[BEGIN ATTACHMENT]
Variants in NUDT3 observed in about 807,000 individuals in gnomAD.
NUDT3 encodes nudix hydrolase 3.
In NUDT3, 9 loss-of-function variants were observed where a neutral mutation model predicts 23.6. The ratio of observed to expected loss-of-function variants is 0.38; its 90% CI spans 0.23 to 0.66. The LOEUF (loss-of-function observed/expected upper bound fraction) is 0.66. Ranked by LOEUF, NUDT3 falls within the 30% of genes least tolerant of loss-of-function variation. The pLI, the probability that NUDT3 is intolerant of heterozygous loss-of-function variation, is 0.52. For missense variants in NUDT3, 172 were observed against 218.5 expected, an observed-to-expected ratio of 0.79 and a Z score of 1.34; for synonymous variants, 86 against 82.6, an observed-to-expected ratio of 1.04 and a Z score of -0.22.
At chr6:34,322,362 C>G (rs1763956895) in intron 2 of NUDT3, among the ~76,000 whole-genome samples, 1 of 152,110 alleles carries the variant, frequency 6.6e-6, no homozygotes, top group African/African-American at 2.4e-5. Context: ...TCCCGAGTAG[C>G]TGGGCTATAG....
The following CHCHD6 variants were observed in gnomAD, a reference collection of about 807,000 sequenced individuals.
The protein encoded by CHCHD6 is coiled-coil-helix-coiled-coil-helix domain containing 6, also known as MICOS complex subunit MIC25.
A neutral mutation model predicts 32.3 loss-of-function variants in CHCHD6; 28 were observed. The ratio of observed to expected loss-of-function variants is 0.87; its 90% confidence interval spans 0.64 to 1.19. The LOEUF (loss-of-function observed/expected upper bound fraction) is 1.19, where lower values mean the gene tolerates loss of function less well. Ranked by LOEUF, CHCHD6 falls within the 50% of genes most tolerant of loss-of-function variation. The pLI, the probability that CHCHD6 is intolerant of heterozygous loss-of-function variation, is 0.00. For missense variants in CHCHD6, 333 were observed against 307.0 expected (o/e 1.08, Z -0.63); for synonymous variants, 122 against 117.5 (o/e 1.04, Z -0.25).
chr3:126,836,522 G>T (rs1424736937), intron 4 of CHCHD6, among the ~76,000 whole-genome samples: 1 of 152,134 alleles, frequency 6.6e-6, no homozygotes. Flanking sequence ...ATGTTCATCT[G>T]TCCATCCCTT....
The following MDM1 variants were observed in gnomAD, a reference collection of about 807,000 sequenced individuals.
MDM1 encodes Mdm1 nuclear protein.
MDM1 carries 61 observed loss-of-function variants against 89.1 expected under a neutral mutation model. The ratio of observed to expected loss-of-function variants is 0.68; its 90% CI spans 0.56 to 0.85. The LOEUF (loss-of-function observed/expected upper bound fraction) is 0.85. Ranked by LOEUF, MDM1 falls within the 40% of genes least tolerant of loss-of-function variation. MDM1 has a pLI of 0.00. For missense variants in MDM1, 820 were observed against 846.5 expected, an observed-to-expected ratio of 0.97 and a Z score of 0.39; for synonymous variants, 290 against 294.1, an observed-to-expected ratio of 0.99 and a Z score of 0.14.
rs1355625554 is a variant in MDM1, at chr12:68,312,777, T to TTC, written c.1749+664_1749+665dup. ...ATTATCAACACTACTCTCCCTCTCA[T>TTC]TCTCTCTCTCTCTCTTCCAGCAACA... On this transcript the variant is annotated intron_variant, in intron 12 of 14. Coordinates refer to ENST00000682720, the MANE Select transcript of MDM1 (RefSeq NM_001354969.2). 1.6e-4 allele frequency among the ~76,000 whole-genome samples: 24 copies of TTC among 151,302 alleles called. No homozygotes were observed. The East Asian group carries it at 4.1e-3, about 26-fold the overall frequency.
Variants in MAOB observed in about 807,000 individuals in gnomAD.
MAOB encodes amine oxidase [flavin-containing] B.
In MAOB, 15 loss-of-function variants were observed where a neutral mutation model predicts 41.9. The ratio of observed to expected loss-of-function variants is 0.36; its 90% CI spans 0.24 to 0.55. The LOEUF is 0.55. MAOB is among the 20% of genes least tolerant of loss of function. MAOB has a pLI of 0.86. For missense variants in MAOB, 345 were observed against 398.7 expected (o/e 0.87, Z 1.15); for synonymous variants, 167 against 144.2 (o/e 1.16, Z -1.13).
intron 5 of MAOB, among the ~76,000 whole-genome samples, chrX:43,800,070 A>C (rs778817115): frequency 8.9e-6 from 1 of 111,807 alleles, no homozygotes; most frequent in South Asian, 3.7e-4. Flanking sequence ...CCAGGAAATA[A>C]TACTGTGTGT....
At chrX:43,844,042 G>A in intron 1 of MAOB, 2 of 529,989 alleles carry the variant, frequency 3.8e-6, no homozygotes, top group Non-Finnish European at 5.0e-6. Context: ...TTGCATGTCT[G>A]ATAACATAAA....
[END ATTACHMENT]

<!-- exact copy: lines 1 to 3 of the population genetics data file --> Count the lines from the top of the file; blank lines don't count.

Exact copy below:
Variants in NUDT3 observed in about 807,000 individuals in gnomAD.
NUDT3 encodes nudix hydrolase 3.
In NUDT3, 9 loss-of-function variants were observed where a neutral mutation model predicts 23.6. The ratio of observed to expected loss-of-function variants is 0.38; its 90% CI spans 0.23 to 0.66. The LOEUF (loss-of-function observed/expected upper bound fraction) is 0.66. Ranked by LOEUF, NUDT3 falls within the 30% of genes least tolerant of loss-of-function variation. The pLI, the probability that NUDT3 is intolerant of heterozygous loss-of-function variation, is 0.52. For missense variants in NUDT3, 172 were observed against 218.5 expected, an observed-to-expected ratio of 0.79 and a Z score of 1.34; for synonymous variants, 86 against 82.6, an observed-to-expected ratio of 1.04 and a Z score of -0.22.